Lawmaker Lee Seok-ki acquitted of plotting an insurrection
The appeal hearing for Unified Progressive Party lawmaker Lee Seok-ki on charges of inciting an insurrection at Seoul High Court in Seocho district, Aug. 11. (photo pool)
The appeals court in the trial of Unified Progressive Party lawmaker Lee Seok-ki acquitted him of the key charge of plotting an insurrection.
But guilty verdicts against Lee were upheld on charges of incitement to insurrection and violation of the National Security Law. The 52-year-old lawmaker was sentenced to nine years in jail, cutting three years off the sentence from the first trial, and had his eligibility to serve in the National Assembly suspended for seven years.
Unified Progressive Party lawmaker Lee Seok-ki at Seoul High Court in Seocho district, Aug. 11.
With its ruling, the court declined to acknowledge an actual plotting of insurrection through a so-called “revolutionary organization” (RO), but sided with the National Intelligence Service (NIS) and prosecutors with guilty verdicts on concrete actions by Lee.
The ninth criminal division of Seoul High Court, judge Lee Min-geol presiding, explained its acquittal on conspiracy to commit insurrection on Aug. 11 by saying, “It cannot be concluded that there were even the general contours of an agreement on the time of the insurrection or the division of labor, nor can it be concluded that the plotting proceeded into external preparations.”
Proving plotting to commit insurrection requires evidence of a mutual agreement among organization members on the general acts of insurrection, if not a detailed criminal plan. The court concluded that neither the NIS nor prosecutors gave sufficient evidence.
The court also ruled that there was insufficient evidence on the so-called “RO” that prosecutors described as an illegal revolutionary organization – although it admitted “having suspicions.”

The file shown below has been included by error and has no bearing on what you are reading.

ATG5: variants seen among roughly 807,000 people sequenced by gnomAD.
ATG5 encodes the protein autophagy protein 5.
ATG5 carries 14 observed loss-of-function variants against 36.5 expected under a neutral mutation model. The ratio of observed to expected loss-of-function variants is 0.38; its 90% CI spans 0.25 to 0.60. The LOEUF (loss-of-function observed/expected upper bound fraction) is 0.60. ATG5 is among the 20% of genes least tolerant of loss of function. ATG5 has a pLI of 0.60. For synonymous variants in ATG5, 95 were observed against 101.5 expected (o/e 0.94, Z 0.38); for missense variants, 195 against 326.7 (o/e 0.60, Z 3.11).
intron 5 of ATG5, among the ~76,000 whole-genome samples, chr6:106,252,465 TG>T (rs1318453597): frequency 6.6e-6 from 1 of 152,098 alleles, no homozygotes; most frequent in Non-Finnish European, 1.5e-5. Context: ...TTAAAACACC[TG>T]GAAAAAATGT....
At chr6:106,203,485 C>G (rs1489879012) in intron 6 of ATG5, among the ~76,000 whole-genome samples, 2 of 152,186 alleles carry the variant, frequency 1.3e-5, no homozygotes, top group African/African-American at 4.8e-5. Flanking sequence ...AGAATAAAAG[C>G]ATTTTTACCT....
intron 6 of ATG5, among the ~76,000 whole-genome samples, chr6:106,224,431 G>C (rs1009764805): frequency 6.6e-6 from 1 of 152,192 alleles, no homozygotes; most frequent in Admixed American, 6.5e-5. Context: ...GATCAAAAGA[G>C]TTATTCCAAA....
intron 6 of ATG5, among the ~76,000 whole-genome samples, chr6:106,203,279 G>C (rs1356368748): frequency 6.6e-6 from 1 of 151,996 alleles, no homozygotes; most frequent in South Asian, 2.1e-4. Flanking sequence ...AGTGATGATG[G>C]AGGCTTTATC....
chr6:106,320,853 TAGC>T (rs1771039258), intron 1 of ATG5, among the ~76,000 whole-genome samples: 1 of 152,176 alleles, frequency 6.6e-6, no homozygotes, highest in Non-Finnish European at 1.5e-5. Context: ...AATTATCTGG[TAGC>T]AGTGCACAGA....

It was a very different conclusion from the court in the first trial in February, which concluded that “around 130 RO members became parties to the insurrection and conspired at a secret meeting in Hapjeong,” a neighborhood in Seoul.
The charges of plotting an insurrection for which Lee was acquitted have raised questions since the start of the case. The NIS first began investigating Lee in July 2010 after being tipped off by a source, also identified by the surname Lee. For the next three years, it consistently characterized the case as a National Security Law violation. As recently as June 2013, the warrant for communications restrictions listed the criminal act as “violation of the National Security Law.”
Then, some time around July 2013, the case began to be talked about in terms of plotting an insurrection.
August 2013, the month when the NIS first made its investigation public, was also the time of the first trial of former NIS chief Won Sei-hoon and former Seoul Metropolitan Policy Agency chief Kim Yong-pan on charges of election interference, a violation of the Public Official Election Act. The NIS was also under heavy fire for its unapproved release of classified transcripts from a 2007 inter-Korean summit. Questions raged at the same about whether the claims of conspiracy were drummed up to deflect some of the criticisms that were hammering the NIS at exactly the same moment.